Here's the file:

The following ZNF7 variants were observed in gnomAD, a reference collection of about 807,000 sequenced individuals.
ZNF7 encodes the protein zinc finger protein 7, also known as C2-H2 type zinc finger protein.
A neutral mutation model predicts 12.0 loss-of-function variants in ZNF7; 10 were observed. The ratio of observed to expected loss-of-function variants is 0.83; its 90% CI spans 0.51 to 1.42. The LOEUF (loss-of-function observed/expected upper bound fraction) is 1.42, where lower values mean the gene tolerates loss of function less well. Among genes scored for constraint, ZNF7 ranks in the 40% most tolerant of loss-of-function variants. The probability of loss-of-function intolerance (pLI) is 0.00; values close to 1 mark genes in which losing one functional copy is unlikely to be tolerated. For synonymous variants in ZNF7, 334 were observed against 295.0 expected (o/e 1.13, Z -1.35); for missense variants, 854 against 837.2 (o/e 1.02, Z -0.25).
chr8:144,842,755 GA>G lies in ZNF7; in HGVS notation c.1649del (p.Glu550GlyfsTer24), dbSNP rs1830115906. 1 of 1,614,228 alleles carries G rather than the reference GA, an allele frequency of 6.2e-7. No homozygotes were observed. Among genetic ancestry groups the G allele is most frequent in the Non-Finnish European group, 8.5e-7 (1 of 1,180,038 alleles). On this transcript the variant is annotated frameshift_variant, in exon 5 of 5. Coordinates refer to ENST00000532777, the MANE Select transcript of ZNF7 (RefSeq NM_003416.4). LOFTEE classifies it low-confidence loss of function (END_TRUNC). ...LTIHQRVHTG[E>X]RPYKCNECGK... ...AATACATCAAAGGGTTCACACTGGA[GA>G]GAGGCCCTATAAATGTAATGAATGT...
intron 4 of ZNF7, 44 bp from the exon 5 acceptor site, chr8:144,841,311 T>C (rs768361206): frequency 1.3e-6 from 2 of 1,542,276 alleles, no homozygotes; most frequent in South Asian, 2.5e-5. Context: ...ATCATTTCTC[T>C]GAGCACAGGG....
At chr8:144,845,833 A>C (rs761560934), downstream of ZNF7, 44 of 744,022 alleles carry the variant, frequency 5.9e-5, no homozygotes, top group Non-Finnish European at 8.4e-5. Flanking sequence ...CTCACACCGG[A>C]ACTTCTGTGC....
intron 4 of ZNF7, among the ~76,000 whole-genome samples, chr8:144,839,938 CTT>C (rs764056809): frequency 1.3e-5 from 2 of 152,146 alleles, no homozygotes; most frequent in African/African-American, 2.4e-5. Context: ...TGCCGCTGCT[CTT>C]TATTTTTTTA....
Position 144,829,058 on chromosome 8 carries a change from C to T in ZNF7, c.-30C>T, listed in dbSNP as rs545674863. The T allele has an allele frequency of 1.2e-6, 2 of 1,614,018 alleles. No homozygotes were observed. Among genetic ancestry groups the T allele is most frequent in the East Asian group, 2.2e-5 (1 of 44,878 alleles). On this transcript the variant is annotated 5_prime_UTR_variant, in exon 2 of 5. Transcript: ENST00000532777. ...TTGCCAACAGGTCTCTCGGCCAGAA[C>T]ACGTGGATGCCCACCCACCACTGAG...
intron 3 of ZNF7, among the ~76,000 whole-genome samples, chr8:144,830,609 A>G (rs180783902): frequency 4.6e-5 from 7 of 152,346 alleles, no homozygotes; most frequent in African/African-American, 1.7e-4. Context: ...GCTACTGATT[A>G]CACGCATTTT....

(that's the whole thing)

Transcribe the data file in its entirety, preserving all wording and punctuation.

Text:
The following ZNF7 variants were observed in gnomAD, a reference collection of about 807,000 sequenced individuals.
ZNF7 encodes the protein zinc finger protein 7, also known as C2-H2 type zinc finger protein.
A neutral mutation model predicts 12.0 loss-of-function variants in ZNF7; 10 were observed. The ratio of observed to expected loss-of-function variants is 0.83; its 90% CI spans 0.51 to 1.42. The LOEUF (loss-of-function observed/expected upper bound fraction) is 1.42, where lower values mean the gene tolerates loss of function less well. Among genes scored for constraint, ZNF7 ranks in the 40% most tolerant of loss-of-function variants. The probability of loss-of-function intolerance (pLI) is 0.00; values close to 1 mark genes in which losing one functional copy is unlikely to be tolerated. For synonymous variants in ZNF7, 334 were observed against 295.0 expected (o/e 1.13, Z -1.35); for missense variants, 854 against 837.2 (o/e 1.02, Z -0.25).
chr8:144,842,755 GA>G lies in ZNF7; in HGVS notation c.1649del (p.Glu550GlyfsTer24), dbSNP rs1830115906. 1 of 1,614,228 alleles carries G rather than the reference GA, an allele frequency of 6.2e-7. No homozygotes were observed. Among genetic ancestry groups the G allele is most frequent in the Non-Finnish European group, 8.5e-7 (1 of 1,180,038 alleles). On this transcript the variant is annotated frameshift_variant, in exon 5 of 5. Coordinates refer to ENST00000532777, the MANE Select transcript of ZNF7 (RefSeq NM_003416.4). LOFTEE classifies it low-confidence loss of function (END_TRUNC). ...LTIHQRVHTG[E>X]RPYKCNECGK... ...AATACATCAAAGGGTTCACACTGGA[GA>G]GAGGCCCTATAAATGTAATGAATGT...
intron 4 of ZNF7, 44 bp from the exon 5 acceptor site, chr8:144,841,311 T>C (rs768361206): frequency 1.3e-6 from 2 of 1,542,276 alleles, no homozygotes; most frequent in South Asian, 2.5e-5. Context: ...ATCATTTCTC[T>C]GAGCACAGGG....
At chr8:144,845,833 A>C (rs761560934), downstream of ZNF7, 44 of 744,022 alleles carry the variant, frequency 5.9e-5, no homozygotes, top group Non-Finnish European at 8.4e-5. Flanking sequence ...CTCACACCGG[A>C]ACTTCTGTGC....
intron 4 of ZNF7, among the ~76,000 whole-genome samples, chr8:144,839,938 CTT>C (rs764056809): frequency 1.3e-5 from 2 of 152,146 alleles, no homozygotes; most frequent in African/African-American, 2.4e-5. Context: ...TGCCGCTGCT[CTT>C]TATTTTTTTA....
Position 144,829,058 on chromosome 8 carries a change from C to T in ZNF7, c.-30C>T, listed in dbSNP as rs545674863. The T allele has an allele frequency of 1.2e-6, 2 of 1,614,018 alleles. No homozygotes were observed. Among genetic ancestry groups the T allele is most frequent in the East Asian group, 2.2e-5 (1 of 44,878 alleles). On this transcript the variant is annotated 5_prime_UTR_variant, in exon 2 of 5. Transcript: ENST00000532777. ...TTGCCAACAGGTCTCTCGGCCAGAA[C>T]ACGTGGATGCCCACCCACCACTGAG...
intron 3 of ZNF7, among the ~76,000 whole-genome samples, chr8:144,830,609 A>G (rs180783902): frequency 4.6e-5 from 7 of 152,346 alleles, no homozygotes; most frequent in African/African-American, 1.7e-4. Context: ...GCTACTGATT[A>G]CACGCATTTT....